Captive Hyacinth Macaws can eat common unsalted nuts such as walnuts, sweet almonds, or cashews, as 15% of their diet to meet their high fat requirement. However, care should be taken as excessive fat leads to obesity and heart/blood vessel disease. They can also consume various fruits and vegetables, offered fresh daily. Finally, a pellet diet formulated for Macaws should also be provided.

If you’re trying to feed a Hyacinth Macaw, it’s vital to consult with a veterinarian who specializes in birds. They may have different dietary needs at various life stages or during reproduction.

Cage/Housing Requirements

Hyacinth Macaws can’t be housed in most commercial bird cages. If you must keep a Hyacinth Macaw in a cage, you’ll most likely need a large, custom-built enclosure.

Because of their size, Hyacinth Macaws do better when kept in a bird-proofed room, patio, or outdoor aviary. This gives them enough space to fly, socialize, and perform natural behaviors like climbing and foraging for food.

Wherever they’re housed, you’ll need to provide access to plenty of safe , wooden chew objects and climbing items. A play gym or replaceable play trees are good options, and branches make good toys and chewing objects (just make sure they are non-toxic for birds).

Exercise

Hyacinth Macaws are large, playful birds. They need time and space for exercise daily. If their wings are intact, Hyacinth Macaws need room to fly between trees and perches, as they do in the wild.

Birds with clipped wings still want to climb, socialize, and play each day. They always need access to toys for chewing and enrichment. Hyacinth Macaws kept primarily in cages will need even more free time outside of them to exercise.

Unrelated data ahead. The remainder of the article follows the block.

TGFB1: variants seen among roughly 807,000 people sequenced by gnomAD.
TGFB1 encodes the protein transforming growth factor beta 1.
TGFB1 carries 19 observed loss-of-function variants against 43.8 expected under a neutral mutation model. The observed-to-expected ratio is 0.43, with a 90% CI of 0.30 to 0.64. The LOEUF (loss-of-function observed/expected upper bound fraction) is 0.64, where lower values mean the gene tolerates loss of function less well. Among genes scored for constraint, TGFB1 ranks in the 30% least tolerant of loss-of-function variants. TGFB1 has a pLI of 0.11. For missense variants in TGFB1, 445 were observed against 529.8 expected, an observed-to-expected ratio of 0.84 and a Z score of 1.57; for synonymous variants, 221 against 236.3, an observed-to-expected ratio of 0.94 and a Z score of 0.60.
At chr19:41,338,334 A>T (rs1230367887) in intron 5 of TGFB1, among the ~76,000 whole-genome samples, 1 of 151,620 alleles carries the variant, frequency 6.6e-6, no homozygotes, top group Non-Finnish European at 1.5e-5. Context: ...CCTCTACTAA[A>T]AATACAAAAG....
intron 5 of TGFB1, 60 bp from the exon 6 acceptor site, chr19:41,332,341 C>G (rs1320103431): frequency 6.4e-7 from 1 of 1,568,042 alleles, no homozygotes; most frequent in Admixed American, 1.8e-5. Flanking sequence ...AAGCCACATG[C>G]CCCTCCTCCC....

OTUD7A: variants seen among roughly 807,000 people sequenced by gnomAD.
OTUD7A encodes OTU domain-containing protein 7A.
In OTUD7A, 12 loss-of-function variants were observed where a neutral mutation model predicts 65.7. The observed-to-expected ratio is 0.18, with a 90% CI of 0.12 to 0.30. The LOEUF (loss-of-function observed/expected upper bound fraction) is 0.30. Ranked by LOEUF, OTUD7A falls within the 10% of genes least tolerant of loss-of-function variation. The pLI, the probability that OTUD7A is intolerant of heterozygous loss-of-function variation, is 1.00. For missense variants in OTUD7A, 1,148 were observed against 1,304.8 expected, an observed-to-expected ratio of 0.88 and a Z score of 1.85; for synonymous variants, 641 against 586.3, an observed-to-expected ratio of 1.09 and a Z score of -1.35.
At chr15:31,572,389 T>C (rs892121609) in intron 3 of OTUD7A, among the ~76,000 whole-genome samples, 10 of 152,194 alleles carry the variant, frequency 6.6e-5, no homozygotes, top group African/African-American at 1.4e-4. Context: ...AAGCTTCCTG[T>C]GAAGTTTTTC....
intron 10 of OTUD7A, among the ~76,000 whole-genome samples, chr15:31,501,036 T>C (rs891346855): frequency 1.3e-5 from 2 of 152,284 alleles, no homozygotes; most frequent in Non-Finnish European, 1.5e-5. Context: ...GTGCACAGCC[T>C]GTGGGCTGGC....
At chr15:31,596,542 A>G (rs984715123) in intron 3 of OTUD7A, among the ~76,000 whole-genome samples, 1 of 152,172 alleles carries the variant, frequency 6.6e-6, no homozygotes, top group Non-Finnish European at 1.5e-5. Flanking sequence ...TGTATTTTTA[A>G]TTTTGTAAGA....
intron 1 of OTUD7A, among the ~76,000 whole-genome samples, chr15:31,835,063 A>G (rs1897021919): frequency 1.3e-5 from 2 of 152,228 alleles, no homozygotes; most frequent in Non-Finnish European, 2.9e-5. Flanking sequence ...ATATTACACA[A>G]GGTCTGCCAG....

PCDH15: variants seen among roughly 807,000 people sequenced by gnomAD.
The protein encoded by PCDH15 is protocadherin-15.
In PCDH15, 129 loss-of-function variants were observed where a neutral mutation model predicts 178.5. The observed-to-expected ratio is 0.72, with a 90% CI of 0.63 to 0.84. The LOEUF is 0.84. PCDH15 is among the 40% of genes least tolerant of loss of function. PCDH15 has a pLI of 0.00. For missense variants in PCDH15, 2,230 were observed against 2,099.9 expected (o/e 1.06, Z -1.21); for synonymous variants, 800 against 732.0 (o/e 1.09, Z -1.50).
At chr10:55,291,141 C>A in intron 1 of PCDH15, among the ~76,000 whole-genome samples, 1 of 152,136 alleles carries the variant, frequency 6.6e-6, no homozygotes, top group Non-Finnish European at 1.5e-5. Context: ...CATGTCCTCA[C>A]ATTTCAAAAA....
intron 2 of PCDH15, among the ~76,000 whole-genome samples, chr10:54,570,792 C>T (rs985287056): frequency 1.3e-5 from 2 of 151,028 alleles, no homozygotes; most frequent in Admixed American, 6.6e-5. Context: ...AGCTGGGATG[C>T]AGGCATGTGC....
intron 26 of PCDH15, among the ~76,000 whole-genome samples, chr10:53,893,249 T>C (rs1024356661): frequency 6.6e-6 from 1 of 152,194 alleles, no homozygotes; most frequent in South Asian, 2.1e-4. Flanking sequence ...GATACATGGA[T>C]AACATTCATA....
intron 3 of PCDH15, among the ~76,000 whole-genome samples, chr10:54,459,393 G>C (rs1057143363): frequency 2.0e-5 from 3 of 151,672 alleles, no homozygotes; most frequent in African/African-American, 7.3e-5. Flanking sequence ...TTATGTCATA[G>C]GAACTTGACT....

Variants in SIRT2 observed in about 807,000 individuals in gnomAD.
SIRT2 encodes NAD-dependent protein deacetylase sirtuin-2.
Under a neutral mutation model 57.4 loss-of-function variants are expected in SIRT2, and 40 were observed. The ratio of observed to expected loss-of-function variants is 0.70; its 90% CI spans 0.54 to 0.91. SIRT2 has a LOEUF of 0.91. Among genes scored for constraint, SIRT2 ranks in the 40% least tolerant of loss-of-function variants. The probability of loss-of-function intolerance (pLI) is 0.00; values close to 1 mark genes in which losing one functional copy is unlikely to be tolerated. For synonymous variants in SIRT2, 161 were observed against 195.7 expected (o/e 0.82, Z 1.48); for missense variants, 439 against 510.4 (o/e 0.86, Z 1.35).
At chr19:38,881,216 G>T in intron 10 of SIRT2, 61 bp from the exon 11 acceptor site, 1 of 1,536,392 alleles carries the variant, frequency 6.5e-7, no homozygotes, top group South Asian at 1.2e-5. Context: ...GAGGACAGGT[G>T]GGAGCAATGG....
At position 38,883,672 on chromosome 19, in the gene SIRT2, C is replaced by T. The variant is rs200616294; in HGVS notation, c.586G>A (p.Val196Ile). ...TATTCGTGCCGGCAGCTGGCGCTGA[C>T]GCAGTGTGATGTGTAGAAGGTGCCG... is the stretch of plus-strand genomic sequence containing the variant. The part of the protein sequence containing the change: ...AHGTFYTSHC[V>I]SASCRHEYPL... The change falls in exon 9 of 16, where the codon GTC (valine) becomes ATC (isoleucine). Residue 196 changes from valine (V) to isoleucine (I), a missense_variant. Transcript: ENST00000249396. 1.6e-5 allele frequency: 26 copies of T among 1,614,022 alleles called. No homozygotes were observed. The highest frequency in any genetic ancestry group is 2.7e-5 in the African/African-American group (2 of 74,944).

Hyacinth Macaw
Image Credit: Erika Kirkpatrick, Shutterstock

Health & Conditions

Hyacinth Macaws are tough to keep as pets unless you really know what you’re doing. Without the proper care, they’re vulnerable to health conditions that can shorten their lifespan. Wild Hyacinth Macaws can live over 50 years, while they tend to live 30–50 years in captivity.

Minor Conditions
  • Overgrown beaks
  • Papillomas (depending on location and size)
Serious Conditions
  • Proventricular dilatation disease or Macaw wasting disease
  • Psittacine beak and feather disease
  • Psittacosis
  • Cancer

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3 Little-Known Facts About The Hyacinth Macaw

1. Wild Populations of Hyacinth Macaws Are Showing Signs of Recovery.

From 2000 to 2013, wild Hyacinth Macaws were considered an endangered species. Now, they are classified as “vulnerable” instead. Many captive Hyacinth Macaws are part of breeding programs aiming to boost wild populations on the road to recovery.


2. Their Beaks Can Apply More Than 300 pounds of Pressure Per Square Inch.

It’s no wonder a Hyacinth Macaw can crack open a coconut with their beak!

Hyacinth macaw eating with his foot
Image Credit: Reto Buehler, Shutterstock

3. They Have No Known Predators.

In the wild, adult Hyacinth Macaws have no natural predators. However, various species, including Coatis and Opossums, will prey on their eggs if given the chance.

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Conclusion

Hyacinth macaws are undoubtedly one of the most unique and striking species of pet birds. However, they are also among the most challenging to care for and the hardest to purchase legally. Owning a Hyacinth Macaw is a genuine lifelong commitment and one that should only be attempted by someone with the resources and experience to do it correctly.


Featured Image Credit: GTW, Shutterstock